buspirone pharmacodynamics (mechanisms/methods of action). What BuSpar does and how it does it.

Pharmacokinetics & Noted Drug-Drug Interactions | BuSparPagesIndex | Comments
Crazymeds Comprehensive BuSpar pages

1.  Working Theory

When you read about the mechanism of action, or how it works, in BuSpar’s PI sheet, it’s almost as vague as how likely it will work. Pretty much every beginning paragraph of the mechanism of action section for every crazy med (and many other non-crazy meds) is a variation on “We don’t know exactly how Panacea, or other drugs like it, works to treat whatever you take it for. In various studies, mostly on rats and other animals, we’ve determined that it does the following…” What you read in the PI sheet is often, but not always the original theorized mechanism of action, or what they thought it does when they started testing the drug for whatever it is now used for1.

After researchers who aren’t being paid by the manufacturer get their hands on med it’s just one study after another, in humans and animals, that supports the original theory. Or determines a precise area in the brain where stuff takes place. Or finds an additional thing the med does. Or finds that it doesn’t do something they originally thought it did. Or finds out that everyone was completely wrong in the first place and the method of action is radically different. That last one does happen. Neurontin (gabapentin) was originally thought to be a synthetic form of GABA that could cross the blood-brain barrier. Turns out that it’s just like every other anticonvulsant and works on voltage channels. Except that it’s unique in that it affects a part of your brain that nothing else touches. Except for Lyrica (pregablin), and a few meds under development (e.g. PD-210714). Still, some people are calling those parts of your brain some people are calling those “gabapentin receptors”, along the lines of benzodiazepine receptors. There supposedly were citalopram receptors as well, but that turned out to be a myth. Ironically gabapentin doesn’t directly affect GABA.

Every day a new peer-reviewed journal is published somewhere adding to our knowledge about how a particular med works, or making us crazier with more contradictory data.

It would be nice if we could break things down into neat parameters like we can with pharmacokinetics, but we can’t. The best we can do is tell you what they originally thought it did, let you know if there are any meds with similar mechanisms / methods (the terms are interchangeable) of action, and give you our best guess as to what it really does based upon more recent research.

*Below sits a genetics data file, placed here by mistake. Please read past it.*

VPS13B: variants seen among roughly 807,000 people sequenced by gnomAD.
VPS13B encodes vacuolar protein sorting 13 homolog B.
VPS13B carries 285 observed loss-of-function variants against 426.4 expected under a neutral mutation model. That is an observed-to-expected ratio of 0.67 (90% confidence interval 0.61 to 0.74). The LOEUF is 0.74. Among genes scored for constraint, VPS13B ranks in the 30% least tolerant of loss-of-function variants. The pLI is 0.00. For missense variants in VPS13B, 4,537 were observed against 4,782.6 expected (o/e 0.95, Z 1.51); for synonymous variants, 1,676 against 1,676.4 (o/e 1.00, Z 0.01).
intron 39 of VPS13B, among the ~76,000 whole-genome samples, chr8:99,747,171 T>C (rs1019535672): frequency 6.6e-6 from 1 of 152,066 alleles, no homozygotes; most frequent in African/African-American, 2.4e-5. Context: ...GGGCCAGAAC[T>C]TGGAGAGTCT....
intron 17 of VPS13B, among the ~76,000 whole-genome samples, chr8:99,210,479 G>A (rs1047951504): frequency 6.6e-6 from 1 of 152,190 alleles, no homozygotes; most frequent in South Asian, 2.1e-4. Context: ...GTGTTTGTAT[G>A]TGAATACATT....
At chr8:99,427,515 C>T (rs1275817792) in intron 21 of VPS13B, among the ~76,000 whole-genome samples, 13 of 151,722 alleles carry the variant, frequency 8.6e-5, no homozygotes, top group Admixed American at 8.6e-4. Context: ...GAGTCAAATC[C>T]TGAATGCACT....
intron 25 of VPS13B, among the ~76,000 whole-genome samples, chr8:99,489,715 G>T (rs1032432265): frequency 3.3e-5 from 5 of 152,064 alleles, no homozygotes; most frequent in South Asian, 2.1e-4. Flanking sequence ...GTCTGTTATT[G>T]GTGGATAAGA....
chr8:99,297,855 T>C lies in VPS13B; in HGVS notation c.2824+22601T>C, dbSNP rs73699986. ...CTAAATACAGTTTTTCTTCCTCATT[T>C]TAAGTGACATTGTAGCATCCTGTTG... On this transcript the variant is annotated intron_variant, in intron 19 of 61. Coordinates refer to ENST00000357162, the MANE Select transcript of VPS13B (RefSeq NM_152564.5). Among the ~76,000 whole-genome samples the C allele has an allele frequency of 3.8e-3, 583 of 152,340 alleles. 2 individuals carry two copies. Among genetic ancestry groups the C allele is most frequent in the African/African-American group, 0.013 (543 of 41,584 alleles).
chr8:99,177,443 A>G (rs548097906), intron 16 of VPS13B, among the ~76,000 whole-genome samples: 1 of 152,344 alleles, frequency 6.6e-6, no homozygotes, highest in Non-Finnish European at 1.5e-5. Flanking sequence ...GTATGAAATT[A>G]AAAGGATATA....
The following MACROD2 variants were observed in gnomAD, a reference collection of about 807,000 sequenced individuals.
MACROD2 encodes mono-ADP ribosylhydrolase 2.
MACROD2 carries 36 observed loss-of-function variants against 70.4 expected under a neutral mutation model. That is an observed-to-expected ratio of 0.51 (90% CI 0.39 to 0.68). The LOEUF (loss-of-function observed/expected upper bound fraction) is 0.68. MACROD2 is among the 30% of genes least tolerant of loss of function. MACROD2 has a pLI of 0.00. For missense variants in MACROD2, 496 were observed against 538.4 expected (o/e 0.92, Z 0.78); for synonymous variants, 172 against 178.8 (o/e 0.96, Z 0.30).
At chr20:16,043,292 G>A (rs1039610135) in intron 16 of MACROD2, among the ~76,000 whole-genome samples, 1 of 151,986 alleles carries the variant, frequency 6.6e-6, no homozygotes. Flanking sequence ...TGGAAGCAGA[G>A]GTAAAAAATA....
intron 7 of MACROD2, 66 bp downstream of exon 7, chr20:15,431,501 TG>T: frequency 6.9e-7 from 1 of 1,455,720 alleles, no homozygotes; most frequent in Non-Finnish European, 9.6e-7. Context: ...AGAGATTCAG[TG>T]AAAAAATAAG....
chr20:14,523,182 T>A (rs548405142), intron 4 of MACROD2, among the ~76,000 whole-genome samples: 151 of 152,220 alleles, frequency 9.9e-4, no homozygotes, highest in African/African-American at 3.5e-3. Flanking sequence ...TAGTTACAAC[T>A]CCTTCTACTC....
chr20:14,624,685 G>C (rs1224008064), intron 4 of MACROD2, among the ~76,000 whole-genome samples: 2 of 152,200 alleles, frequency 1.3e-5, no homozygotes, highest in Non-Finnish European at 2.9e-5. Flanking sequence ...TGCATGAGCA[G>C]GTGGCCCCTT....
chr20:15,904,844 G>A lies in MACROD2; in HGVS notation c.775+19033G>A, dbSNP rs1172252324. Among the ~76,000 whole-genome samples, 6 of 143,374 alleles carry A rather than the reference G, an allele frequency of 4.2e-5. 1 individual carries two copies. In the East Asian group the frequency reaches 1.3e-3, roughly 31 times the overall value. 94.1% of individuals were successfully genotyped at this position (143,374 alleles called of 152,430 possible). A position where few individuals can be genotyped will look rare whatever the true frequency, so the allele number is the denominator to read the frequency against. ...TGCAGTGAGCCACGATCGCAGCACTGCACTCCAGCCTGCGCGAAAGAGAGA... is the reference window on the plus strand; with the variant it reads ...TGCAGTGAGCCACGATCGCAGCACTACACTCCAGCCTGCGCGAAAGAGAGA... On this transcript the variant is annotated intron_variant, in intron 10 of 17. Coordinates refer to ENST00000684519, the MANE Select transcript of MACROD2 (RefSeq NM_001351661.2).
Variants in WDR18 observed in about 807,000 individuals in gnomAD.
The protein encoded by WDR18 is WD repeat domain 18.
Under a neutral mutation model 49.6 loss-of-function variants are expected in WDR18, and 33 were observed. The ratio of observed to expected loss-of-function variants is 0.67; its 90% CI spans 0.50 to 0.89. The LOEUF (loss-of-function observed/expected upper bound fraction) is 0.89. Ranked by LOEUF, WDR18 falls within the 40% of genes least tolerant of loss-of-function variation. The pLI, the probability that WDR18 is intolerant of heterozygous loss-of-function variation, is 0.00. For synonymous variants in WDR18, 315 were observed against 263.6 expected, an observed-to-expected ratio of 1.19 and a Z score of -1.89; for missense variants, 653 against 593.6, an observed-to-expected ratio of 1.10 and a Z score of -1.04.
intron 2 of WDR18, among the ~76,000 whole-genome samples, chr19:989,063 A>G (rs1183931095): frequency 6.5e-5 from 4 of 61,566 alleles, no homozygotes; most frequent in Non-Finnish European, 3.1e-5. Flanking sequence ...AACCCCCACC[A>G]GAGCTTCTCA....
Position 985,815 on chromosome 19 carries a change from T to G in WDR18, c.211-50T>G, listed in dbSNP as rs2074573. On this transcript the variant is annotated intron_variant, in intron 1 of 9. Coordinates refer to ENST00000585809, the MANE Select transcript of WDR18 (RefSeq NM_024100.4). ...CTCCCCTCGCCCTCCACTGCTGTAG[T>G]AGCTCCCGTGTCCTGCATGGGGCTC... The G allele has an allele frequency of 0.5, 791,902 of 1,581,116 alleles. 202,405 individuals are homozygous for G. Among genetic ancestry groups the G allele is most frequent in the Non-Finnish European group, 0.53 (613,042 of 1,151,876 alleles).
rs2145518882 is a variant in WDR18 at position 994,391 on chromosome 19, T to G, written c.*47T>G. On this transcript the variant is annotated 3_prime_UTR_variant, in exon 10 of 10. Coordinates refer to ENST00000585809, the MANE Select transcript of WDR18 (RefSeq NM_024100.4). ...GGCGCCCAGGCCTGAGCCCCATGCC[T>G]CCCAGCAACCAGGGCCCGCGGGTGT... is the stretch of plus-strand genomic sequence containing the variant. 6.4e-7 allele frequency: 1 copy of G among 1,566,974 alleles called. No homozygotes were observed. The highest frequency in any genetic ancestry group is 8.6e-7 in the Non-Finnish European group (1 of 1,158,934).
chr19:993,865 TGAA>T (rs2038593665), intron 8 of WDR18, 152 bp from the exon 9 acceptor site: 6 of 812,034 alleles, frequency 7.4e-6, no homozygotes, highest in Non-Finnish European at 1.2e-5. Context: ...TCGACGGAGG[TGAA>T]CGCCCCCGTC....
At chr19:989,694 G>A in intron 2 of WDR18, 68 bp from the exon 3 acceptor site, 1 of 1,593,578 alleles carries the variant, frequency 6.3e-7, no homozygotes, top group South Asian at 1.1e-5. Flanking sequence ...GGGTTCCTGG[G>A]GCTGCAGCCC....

2.  How BuSpar (buspirone) Works

2.1  What the PI Sheet Says

2.2  What BuSpar (buspirone) Really Does

as far as we can tell
As with most of these crazy meds it’s easier to say what BuSpar doesn’t do. BuSpar doesn’t do any of the fun benzodiazepene fuck-you-up-and-get-high effects. BuSpar doesn’t knock you out. BuSpar doesn’t hit GABA.

What BuSpar does do is to keep serotonin within the 5HT1A neurons, thus fooling your brain into thinking it has more serotonin than it actually has. BuSpar also does some noticeable dopamine agonism-antagonism on the dopamine D2 receptor. When combined with an SSRI this can help with sexual dysfunction and to prevent SSRI poop-out, per Dr. Stahl in Essential Psychopharmacology.

3.  Functional Equivalence

No two medications will have the exact same mechanisms / methods of action. Sometimes a drug that is developed from the active metabolite of another, essentially inert med e.g. Invega (paliperidone) is a predigested form of Risperdal (risperidone) and is basically the same thing. However there is no good conversion of dosages between the two like there is for Tegretol (carbamazepine) and Trileptal (oxacarbazeine). Like Invega and Risperdal, Pristiq (desvenlafaxine) is the active metabolite of Effexor (venlafaxine), but Pristiq has a somewhat different mechanism of action than Effexor. Mainly it kicks Effexor’s ass when it comes to how potent its inhibition of norepinephrine reuptake is.

All SSRIs are essentially interchangeable, making it possible to work out equivalent dosages so you don’t need to wait until you’ve cleared one drug to start another. But Celexa (citalopram) and Lexapro (escitalopram) are vastly more selective than Prozac (fluoxetine), and so the side effect profiles, and pretty much everything else, are very different when you compare Celexa or Lexapro with other SSRIs, but practically identical when compared with each other. While most people couldn’t tell the difference between Lexapro and Celexa,2 because Lexapro is a derivative of Celexa, a few people will respond differently to the two.